Budget, Schools’ Reopening Are on BUSD Leaders’ Minds

Though no public meetings were on the Burbank Unified School District’s agenda this week, Superintendent Matt Hill updated the community on the state of the budget and the reopening of school for the 2020-21 year — issues that have prompted keen interest among residents in recent weeks.
No agreement had been made between Gov. Gavin Newsom and the Legislature as of Friday regarding the state budget, which is supposed to be ready by June 15. Suspension of operations because of health concerns due to the COVID-19 pandemic gave lawmakers less time to negotiate.
The May budget revise from the governor proposed drastic cuts in school funding, a big concern for small districts such as Burbank’s. BUSD would have to cut more than $13 million, and Hill urges parents and guardians to continue writing to political leaders.
“We need to continue your advocating and email the governor and the legislature,” Hill wrote in his weekly update. “Without the support of the governor and legislature, BUSD will be forced to adopt the governor’s May revise.”
The BUSD staff will have a study session on Wednesday, June 17, and the Board of Education will convene the following day for a regular virtual meeting at 7 p.m.
Hill also notified parents that the Reopening Committee — which is separated into four subgroups and takes into consideration guidelines provided by the Los Angeles County Department of Public Health and California Department of Education — will work with the Burbank Teachers Association and California School Employees Association and is expected to share proposed instruction models on July 2. Continue reading “Budget, Schools’ Reopening Are on BUSD Leaders’ Minds”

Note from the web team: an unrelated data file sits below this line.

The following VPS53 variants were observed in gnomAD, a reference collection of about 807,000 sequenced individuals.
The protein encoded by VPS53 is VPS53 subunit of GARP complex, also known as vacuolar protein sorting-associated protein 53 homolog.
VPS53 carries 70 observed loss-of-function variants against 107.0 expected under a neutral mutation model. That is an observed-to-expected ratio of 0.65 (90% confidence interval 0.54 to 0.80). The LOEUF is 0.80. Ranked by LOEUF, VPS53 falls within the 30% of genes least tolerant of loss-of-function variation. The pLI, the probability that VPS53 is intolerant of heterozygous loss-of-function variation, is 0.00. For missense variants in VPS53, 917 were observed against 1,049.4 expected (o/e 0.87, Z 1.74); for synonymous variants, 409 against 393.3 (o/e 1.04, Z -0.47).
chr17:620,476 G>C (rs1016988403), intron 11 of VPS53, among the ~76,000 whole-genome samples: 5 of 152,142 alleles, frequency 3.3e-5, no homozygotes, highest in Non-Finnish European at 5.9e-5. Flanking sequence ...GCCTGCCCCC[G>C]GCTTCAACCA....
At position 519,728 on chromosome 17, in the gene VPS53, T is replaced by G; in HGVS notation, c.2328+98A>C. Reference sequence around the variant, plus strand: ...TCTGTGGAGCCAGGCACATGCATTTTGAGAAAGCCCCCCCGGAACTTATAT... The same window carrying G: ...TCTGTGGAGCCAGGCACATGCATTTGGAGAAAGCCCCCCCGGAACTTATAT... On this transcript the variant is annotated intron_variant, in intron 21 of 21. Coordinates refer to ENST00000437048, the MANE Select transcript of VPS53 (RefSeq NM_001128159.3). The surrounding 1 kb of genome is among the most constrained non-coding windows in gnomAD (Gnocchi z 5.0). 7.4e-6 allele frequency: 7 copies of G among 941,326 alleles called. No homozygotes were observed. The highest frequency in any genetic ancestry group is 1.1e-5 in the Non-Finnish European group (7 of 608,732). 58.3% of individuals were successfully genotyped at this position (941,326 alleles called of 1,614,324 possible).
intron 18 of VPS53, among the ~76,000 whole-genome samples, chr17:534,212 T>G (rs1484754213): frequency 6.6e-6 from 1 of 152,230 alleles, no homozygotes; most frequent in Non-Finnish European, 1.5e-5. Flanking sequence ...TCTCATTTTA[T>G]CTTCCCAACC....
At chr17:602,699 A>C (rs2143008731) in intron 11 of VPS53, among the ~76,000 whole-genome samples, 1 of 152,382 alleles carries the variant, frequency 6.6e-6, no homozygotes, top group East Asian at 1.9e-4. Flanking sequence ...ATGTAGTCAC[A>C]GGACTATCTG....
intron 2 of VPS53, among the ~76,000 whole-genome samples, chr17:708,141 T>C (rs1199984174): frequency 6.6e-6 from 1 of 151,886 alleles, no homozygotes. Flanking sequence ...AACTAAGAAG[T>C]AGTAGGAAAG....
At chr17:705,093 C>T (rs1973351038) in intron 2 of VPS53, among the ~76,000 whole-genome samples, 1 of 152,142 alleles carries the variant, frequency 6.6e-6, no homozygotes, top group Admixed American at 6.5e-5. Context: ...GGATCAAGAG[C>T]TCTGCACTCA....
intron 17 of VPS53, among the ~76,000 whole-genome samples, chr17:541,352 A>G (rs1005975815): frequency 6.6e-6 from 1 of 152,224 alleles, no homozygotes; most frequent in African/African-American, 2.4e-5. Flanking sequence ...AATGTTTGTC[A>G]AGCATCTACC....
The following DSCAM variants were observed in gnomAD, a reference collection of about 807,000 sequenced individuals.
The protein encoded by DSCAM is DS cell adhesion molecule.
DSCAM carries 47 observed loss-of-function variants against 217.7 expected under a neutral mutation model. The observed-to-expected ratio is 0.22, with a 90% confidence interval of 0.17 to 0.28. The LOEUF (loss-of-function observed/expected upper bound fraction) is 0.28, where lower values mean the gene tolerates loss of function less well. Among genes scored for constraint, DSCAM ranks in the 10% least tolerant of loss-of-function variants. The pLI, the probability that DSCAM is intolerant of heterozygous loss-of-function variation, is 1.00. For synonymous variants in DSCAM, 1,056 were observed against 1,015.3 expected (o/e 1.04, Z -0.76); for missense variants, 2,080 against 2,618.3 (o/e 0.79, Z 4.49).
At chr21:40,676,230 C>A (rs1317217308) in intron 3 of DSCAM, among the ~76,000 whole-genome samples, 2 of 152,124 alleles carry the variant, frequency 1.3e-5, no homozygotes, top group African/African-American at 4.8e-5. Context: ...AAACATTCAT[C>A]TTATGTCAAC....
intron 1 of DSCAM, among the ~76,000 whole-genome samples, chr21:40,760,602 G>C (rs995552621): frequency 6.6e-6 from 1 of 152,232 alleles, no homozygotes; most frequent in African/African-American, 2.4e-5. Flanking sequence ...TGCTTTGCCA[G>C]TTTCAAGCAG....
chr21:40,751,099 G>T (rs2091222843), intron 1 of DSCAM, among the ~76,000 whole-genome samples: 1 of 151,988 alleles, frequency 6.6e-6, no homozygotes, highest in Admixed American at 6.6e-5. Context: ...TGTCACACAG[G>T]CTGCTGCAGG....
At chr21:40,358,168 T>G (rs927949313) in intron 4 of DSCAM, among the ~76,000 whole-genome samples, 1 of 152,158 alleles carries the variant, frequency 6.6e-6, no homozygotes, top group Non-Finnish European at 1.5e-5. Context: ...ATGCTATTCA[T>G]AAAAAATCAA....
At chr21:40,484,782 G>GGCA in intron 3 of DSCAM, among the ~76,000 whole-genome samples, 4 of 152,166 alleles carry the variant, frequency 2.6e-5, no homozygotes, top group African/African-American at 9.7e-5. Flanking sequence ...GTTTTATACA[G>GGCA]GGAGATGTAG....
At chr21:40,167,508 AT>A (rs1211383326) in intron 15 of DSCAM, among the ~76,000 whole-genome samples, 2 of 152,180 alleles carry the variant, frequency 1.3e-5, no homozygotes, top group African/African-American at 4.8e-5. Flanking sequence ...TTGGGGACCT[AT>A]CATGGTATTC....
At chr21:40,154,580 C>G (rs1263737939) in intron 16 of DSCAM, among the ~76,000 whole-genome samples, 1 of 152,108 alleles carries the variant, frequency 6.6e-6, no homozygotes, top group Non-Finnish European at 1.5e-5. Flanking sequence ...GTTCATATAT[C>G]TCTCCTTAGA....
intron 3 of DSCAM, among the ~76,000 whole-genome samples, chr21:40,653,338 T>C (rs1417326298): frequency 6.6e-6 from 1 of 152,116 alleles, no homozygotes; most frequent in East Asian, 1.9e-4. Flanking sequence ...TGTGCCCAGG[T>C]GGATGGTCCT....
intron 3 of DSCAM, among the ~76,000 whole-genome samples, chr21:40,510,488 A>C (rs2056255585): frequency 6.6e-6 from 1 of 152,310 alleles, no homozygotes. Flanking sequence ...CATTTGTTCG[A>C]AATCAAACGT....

BUSD: Deep Budget Cuts Call for Parent, Political Advocacy

Photo courtesy Ryan Hirsch

The Burbank Unified School District Board of Education issued a call for activism to its community members after revealing financial cuts totaling more than $13 million to local schools with Gov. Gavin Newsom’s current state budget proposal.
“We are going to be facing a substantial reduction and need to be realistic about that right now and make sure our parents and constituents understand that,” said board Vice President Steve Frintner.
During a special meeting on Tuesday, Assistant Superintendent Debbie Kutka and Director of Fiscal Services Alyssa Low presented to the board how the revisions to the state budget would essentially gut local districts, estimating a total $13.65 million in less LCFF funding for Burbank schools.
“As we start highlighting a menu of options for reductions, it is going to be shocking,” Superintendent Matt Hill said on Tuesday. “We’ve been looking through this. We’re talking about a lot of deep cuts that will completely transform this district in a negative way. That’s why we’re getting the information out there.
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BUSD Stands by Grading Policy Despite Backlash

The BUSD Board of Education, which includes (from left) Roberta Reynolds, Steve Frintner, Armond Aghakhanian, Charlene Tabet and Steve Ferguson, backed Superintendent Matt Hill and the Burbank Teacher’s Association’s decision to change this semester’s grading policy to Credit/No Credit after listening to disgruntled parents’ letters.

The Burbank Unified School District stood firm in its decision to go with a “Credit/No Credit” grading policy for the spring semester despite backlash and pleas from parents during the Board of Education meeting on Thursday.
Superintendent Matt Hill and the five board members responded to numerous letters from concerned — and angered — parents regarding the Burbank Teacher’s Association and district’s controversial decision. All local schools closed March 16 because the COVID-19 pandemic and students were given Chromebooks for distance learning.
“I completely understand the passion and advocacy for your children,” Hill addressed parents during the meeting. “The approach we took with our teachers was looking at all of the options and thinking of different scenarios for each option.
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